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Lecture 14 - Ch 7 - Chapter 7 Membrane Structure and...

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Chapter 7 – Membrane Structure and Function 7.1 Cellular membranes are fluid mosaics of lipids and proteins The most abundant lipids in most membranes are phospholipids. The ability of phospholipids to form membranes in inherent in their molecular structure. A phospholipid is an amphipathic molecule. Other types of membrane lipids are also amphipathic. Furthermore, most of the proteins within membranes are amphipathic. In a fluid mosaic model , the membrane is a fluid structure with a “mosaic” of various proteins embedded in or attached to a double layer (bilayer) of phospholipids. The Fluidity of Membranes Membranes are not static sheets of molecules locked rigidly in place. A membrane is held together primarily by hydrophobic interactions, which are much weaker than covalent bonds. Most of the lipids and some of the proteins can shift about laterally. It is quite rare for them to flip-flop; to do so, the hydrophilic part of the molecule must cross the hydrophilic part of the molecule most cross the hydrophobic core of the membrane. A membrane remains fluid as temperature decreases until finally the phospholipids settle into a closely packed arrangement and the membrane solidifies, much as bacon grease forms lard when it cools. The membrane reminds fluid to a lower temperature if it is rich in phospholipids with unsaturated HC tails. Because of kinks in the tails where double bonds are located, unsaturated HC tails cannot pack closely and this makes the membrane more fluid. The steroid cholesterols has different effect on membrane fluidity at different temperatures. - At relatively high t e m p er atures, cholesterol m akes the m e m bran e less fluid by restrai phospholipid m ove m e nt. - Because it also hinders the close packing of phospholipids, cholesterol lowers the te m required for the m e m br an e to solidify. - Thus, cholesterol is called a “te m p erature buffer.” Membran es m ust be fluid to work properly.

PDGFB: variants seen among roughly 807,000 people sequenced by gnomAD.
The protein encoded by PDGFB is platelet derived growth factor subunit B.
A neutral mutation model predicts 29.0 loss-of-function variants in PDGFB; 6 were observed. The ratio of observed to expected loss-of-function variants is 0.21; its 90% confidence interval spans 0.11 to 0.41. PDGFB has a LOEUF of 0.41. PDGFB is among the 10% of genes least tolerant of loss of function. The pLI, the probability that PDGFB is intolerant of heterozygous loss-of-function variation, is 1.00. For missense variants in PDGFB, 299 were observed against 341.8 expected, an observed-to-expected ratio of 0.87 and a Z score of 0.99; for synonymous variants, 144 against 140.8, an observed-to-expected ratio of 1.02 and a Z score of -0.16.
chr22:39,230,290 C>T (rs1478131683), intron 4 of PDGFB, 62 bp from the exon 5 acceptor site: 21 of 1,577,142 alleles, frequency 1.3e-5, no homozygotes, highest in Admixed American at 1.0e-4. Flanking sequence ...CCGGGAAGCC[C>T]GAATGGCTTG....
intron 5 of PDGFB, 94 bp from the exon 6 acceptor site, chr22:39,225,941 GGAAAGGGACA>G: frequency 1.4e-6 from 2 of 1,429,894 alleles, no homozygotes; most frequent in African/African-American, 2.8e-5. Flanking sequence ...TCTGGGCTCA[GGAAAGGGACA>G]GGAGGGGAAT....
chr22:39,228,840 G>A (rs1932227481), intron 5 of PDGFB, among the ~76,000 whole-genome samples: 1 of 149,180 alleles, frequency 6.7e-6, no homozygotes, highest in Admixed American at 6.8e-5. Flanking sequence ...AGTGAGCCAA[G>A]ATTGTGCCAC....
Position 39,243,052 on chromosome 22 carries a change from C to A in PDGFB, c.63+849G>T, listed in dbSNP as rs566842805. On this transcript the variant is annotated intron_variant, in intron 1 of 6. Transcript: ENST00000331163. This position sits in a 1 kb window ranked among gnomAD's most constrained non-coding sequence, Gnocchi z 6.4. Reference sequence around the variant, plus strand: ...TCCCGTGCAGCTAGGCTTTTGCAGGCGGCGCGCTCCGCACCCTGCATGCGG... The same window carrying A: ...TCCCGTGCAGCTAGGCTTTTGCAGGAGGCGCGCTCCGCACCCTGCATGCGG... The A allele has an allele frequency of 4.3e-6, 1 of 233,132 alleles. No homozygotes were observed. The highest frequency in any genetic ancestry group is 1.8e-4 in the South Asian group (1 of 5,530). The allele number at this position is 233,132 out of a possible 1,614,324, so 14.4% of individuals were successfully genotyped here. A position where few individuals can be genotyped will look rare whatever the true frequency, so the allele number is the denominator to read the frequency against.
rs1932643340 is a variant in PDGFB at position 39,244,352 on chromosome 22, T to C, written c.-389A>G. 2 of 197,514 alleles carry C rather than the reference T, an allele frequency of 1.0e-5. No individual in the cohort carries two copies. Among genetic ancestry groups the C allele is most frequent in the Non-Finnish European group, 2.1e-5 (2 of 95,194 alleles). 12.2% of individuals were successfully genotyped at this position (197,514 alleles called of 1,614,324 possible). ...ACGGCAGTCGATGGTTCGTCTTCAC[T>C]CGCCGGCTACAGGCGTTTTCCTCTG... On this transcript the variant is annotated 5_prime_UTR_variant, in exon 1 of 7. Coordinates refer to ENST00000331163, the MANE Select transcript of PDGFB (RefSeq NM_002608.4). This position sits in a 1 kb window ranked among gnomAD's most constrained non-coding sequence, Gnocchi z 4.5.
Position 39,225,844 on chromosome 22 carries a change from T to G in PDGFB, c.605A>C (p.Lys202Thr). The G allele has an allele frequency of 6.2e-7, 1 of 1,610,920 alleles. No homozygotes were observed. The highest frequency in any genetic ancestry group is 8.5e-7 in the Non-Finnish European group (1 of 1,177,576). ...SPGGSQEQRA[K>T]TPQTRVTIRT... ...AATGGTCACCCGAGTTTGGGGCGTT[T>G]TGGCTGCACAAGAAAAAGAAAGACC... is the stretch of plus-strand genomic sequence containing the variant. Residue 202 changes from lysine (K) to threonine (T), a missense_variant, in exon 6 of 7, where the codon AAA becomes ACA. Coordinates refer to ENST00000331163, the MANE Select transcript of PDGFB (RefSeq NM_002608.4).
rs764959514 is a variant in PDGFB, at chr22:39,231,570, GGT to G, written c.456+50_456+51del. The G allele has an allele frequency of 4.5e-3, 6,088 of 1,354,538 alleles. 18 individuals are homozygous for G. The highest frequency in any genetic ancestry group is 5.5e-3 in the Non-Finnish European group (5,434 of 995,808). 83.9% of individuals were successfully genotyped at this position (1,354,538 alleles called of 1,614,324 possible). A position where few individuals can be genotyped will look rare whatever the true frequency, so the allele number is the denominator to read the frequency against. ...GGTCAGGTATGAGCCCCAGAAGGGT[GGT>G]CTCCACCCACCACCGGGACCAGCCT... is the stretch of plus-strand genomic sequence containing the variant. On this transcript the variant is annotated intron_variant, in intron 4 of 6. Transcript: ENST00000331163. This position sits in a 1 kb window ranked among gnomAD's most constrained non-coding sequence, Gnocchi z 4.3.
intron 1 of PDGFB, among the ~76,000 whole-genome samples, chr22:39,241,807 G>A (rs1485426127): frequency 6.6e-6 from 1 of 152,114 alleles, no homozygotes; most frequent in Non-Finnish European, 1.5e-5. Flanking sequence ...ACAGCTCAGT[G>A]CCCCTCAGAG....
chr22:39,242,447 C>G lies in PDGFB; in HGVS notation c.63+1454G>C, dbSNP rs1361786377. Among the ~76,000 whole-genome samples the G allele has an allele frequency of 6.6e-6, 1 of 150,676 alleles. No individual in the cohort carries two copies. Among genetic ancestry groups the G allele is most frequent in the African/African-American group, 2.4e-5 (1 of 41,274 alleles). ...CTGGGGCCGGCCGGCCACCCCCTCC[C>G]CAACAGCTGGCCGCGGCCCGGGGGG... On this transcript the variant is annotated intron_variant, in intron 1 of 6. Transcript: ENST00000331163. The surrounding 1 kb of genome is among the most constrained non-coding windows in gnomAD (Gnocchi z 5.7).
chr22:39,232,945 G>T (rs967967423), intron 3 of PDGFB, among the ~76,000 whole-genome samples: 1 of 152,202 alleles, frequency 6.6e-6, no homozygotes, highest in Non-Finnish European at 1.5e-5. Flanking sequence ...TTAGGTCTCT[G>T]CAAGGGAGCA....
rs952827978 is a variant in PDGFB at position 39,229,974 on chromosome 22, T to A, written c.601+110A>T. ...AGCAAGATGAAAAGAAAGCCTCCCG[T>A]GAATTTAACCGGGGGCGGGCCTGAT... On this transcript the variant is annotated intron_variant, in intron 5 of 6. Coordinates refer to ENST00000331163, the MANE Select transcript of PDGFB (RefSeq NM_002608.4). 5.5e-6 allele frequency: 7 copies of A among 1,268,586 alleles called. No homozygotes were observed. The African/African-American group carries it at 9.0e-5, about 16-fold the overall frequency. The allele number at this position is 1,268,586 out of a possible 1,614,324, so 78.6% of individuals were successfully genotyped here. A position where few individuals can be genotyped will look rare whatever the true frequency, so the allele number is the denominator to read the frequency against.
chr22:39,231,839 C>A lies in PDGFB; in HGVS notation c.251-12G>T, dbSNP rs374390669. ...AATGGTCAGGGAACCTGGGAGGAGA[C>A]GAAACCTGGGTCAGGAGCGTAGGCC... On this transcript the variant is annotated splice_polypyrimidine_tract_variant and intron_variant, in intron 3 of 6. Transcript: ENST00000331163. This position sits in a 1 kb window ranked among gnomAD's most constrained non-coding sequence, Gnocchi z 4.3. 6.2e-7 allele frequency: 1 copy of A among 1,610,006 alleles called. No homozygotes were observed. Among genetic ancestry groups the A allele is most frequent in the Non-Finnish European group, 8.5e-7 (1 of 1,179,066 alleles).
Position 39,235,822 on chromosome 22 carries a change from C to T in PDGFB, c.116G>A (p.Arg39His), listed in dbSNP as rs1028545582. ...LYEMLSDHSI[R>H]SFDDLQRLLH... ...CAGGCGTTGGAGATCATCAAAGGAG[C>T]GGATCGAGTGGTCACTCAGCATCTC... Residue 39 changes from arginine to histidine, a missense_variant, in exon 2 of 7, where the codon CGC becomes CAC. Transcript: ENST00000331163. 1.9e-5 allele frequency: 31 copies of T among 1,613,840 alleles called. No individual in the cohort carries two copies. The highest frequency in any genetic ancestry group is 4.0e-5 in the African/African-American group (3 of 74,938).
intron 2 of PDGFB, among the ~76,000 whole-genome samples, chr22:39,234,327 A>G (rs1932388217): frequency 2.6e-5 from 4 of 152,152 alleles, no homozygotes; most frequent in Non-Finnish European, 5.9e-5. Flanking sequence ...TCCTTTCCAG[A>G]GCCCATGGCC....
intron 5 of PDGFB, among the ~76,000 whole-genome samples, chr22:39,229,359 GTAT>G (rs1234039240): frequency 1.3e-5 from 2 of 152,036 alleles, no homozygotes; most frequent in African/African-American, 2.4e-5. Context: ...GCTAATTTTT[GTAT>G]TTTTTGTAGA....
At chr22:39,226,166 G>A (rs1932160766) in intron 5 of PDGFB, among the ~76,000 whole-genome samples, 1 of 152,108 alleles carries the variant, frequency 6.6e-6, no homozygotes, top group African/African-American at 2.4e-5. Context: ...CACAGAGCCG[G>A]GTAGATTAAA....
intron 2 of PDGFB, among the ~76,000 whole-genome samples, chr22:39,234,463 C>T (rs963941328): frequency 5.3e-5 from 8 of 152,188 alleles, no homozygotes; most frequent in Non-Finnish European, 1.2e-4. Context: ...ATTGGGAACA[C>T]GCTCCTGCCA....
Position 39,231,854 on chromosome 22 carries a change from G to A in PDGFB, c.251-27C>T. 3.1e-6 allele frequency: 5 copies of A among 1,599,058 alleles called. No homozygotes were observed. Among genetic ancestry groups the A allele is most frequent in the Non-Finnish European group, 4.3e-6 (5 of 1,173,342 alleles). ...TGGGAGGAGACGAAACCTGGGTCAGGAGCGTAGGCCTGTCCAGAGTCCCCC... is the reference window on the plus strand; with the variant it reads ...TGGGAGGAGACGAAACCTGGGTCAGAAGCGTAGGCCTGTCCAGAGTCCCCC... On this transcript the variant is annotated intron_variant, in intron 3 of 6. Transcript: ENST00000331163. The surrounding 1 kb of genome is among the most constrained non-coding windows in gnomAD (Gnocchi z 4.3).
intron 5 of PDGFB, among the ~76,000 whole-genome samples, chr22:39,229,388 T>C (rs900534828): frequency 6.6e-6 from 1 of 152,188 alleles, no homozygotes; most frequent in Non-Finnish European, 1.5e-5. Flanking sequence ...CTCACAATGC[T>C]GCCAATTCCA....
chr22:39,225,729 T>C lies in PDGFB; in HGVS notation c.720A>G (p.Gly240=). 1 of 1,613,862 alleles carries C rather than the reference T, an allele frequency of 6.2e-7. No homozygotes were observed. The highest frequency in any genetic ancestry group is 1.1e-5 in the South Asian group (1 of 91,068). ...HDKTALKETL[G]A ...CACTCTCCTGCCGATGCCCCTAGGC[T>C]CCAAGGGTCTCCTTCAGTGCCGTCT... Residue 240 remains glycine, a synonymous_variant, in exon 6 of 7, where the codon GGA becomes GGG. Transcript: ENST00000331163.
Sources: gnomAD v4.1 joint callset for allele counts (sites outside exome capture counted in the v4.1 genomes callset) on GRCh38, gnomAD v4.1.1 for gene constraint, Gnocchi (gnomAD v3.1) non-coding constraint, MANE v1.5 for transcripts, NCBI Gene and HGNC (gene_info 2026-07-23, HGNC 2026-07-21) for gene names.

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When a membrane solidifies, its permeability changes, and enzymatic proteins in the   membrane may be inactive. Membrane Proteins and Their Functions Phospholipids form the main fabric of the membrane, but proteins determine most of the  membrane’s functions. Integral proteins  penetrate the hydrophobic core of the lipid bilayer. Many are  transmembrane proteins , which span the membrane; other integral proteins  extend only partway into the hydrophobic core. The hydrophobic regions of an integral protein consist of one or more stretches of  nonpolar amino acids, usually coiled into alpha helices.  The hydrophilic parts of the  molecule are exposed to the aqueous solutions on either side of the membrane.
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